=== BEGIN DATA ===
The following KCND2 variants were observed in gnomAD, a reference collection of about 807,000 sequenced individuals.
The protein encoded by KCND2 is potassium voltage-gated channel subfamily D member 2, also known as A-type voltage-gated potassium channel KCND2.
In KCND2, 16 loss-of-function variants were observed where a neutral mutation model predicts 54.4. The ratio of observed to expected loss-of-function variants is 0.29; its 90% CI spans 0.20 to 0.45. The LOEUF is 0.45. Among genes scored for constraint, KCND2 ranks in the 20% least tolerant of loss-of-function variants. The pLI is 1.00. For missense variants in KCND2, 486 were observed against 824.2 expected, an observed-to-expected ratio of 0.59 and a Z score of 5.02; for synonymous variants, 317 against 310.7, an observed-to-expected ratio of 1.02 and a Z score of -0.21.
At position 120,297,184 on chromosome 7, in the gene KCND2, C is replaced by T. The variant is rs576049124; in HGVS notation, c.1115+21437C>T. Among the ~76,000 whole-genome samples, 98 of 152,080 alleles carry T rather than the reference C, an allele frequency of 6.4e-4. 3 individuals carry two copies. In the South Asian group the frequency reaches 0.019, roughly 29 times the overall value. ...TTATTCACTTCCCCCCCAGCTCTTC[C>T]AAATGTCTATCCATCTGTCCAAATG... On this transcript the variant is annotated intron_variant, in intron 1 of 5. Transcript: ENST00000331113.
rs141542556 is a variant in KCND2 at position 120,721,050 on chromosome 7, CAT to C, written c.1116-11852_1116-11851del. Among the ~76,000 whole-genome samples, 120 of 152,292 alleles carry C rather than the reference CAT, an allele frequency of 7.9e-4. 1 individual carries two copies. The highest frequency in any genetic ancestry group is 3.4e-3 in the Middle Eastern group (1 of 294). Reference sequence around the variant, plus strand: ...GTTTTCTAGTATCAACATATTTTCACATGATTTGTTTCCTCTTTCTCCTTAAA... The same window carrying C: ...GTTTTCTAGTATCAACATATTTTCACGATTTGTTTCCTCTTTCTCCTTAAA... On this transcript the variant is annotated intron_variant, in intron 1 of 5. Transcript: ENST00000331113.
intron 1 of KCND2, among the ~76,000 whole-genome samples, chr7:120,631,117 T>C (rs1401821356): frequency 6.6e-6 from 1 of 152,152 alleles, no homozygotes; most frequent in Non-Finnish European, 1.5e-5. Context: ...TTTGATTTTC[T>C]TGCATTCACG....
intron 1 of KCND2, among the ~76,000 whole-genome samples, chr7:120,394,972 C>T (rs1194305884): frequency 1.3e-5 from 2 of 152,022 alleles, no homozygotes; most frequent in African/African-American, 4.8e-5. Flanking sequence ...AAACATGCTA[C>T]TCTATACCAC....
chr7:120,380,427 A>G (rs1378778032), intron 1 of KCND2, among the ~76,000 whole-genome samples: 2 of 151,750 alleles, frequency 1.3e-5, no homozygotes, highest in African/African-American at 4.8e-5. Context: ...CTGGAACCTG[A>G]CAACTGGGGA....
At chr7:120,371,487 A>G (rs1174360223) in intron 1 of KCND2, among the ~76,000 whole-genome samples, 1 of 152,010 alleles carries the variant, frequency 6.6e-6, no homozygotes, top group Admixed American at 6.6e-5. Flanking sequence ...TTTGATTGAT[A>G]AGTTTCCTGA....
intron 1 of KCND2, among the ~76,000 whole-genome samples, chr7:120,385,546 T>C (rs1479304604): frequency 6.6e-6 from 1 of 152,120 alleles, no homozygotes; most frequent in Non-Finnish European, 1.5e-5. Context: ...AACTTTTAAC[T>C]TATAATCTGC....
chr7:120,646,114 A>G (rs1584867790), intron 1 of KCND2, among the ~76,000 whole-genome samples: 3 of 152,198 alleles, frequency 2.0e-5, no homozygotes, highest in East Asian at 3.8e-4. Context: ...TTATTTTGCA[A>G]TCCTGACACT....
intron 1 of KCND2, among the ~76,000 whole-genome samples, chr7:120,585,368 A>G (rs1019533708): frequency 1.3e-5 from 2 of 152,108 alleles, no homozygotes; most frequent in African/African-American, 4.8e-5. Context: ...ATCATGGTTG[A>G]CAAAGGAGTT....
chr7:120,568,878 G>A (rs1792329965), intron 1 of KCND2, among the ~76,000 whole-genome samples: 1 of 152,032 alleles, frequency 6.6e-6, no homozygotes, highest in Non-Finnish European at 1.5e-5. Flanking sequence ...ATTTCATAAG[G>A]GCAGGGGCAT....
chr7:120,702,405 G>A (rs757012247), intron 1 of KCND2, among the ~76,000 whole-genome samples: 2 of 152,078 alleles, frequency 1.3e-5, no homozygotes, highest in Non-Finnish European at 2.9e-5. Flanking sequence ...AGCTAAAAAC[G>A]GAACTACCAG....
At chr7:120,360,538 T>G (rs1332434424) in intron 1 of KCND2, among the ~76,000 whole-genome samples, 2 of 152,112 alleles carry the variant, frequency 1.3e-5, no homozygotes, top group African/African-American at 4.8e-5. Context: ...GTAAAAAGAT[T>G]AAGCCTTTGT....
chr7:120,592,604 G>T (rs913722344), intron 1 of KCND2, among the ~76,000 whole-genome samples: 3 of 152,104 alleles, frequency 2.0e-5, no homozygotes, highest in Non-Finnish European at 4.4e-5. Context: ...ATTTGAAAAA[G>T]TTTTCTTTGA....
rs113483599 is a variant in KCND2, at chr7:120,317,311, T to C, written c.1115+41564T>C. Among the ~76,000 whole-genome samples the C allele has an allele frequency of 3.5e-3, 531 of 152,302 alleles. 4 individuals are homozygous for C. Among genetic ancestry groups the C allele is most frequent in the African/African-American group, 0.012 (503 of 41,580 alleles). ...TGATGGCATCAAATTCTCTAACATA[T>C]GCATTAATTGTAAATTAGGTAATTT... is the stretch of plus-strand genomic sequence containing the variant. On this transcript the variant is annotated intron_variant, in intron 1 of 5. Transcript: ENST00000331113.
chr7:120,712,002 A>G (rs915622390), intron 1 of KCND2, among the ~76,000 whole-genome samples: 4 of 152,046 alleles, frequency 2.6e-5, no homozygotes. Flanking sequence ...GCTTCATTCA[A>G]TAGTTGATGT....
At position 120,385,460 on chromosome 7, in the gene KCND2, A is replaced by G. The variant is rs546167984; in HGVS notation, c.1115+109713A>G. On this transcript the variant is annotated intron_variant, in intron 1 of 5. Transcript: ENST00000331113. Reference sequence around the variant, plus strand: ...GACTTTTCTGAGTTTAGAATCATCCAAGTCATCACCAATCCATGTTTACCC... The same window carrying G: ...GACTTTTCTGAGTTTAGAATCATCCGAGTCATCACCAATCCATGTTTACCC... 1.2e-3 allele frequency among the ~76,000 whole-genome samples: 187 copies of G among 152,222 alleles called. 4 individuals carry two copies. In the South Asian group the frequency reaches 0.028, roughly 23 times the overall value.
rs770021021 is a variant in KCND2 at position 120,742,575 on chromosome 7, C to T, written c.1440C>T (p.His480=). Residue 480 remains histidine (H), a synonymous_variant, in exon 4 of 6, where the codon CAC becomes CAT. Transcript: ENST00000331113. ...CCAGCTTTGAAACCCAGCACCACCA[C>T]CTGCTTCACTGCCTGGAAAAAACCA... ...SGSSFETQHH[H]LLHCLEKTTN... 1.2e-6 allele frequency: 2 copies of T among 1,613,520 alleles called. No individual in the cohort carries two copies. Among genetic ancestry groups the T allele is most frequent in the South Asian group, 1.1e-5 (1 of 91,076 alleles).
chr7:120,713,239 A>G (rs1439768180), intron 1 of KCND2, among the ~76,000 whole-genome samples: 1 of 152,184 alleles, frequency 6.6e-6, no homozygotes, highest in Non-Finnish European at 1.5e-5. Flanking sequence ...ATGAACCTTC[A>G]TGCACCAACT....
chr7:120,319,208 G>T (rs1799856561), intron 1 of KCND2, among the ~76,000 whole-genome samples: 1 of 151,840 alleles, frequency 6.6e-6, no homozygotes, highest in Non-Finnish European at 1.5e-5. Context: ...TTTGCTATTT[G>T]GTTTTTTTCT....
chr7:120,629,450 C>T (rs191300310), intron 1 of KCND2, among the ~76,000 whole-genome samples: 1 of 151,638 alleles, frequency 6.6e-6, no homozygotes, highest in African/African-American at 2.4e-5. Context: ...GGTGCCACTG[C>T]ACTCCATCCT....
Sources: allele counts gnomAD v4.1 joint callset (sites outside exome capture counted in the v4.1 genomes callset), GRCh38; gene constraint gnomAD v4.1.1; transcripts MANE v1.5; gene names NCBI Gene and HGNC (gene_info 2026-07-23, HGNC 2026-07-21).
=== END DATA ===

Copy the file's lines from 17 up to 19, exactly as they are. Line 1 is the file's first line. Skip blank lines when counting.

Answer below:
rs113483599 is a variant in KCND2, at chr7:120,317,311, T to C, written c.1115+41564T>C. Among the ~76,000 whole-genome samples the C allele has an allele frequency of 3.5e-3, 531 of 152,302 alleles. 4 individuals are homozygous for C. Among genetic ancestry groups the C allele is most frequent in the African/African-American group, 0.012 (503 of 41,580 alleles). ...TGATGGCATCAAATTCTCTAACATA[T>C]GCATTAATTGTAAATTAGGTAATTT... is the stretch of plus-strand genomic sequence containing the variant. On this transcript the variant is annotated intron_variant, in intron 1 of 5. Transcript: ENST00000331113.
chr7:120,712,002 A>G (rs915622390), intron 1 of KCND2, among the ~76,000 whole-genome samples: 4 of 152,046 alleles, frequency 2.6e-5, no homozygotes. Flanking sequence ...GCTTCATTCA[A>G]TAGTTGATGT....
At position 120,385,460 on chromosome 7, in the gene KCND2, A is replaced by G. The variant is rs546167984; in HGVS notation, c.1115+109713A>G. On this transcript the variant is annotated intron_variant, in intron 1 of 5. Transcript: ENST00000331113. Reference sequence around the variant, plus strand: ...GACTTTTCTGAGTTTAGAATCATCCAAGTCATCACCAATCCATGTTTACCC... The same window carrying G: ...GACTTTTCTGAGTTTAGAATCATCCGAGTCATCACCAATCCATGTTTACCC... 1.2e-3 allele frequency among the ~76,000 whole-genome samples: 187 copies of G among 152,222 alleles called. 4 individuals carry two copies. In the South Asian group the frequency reaches 0.028, roughly 23 times the overall value.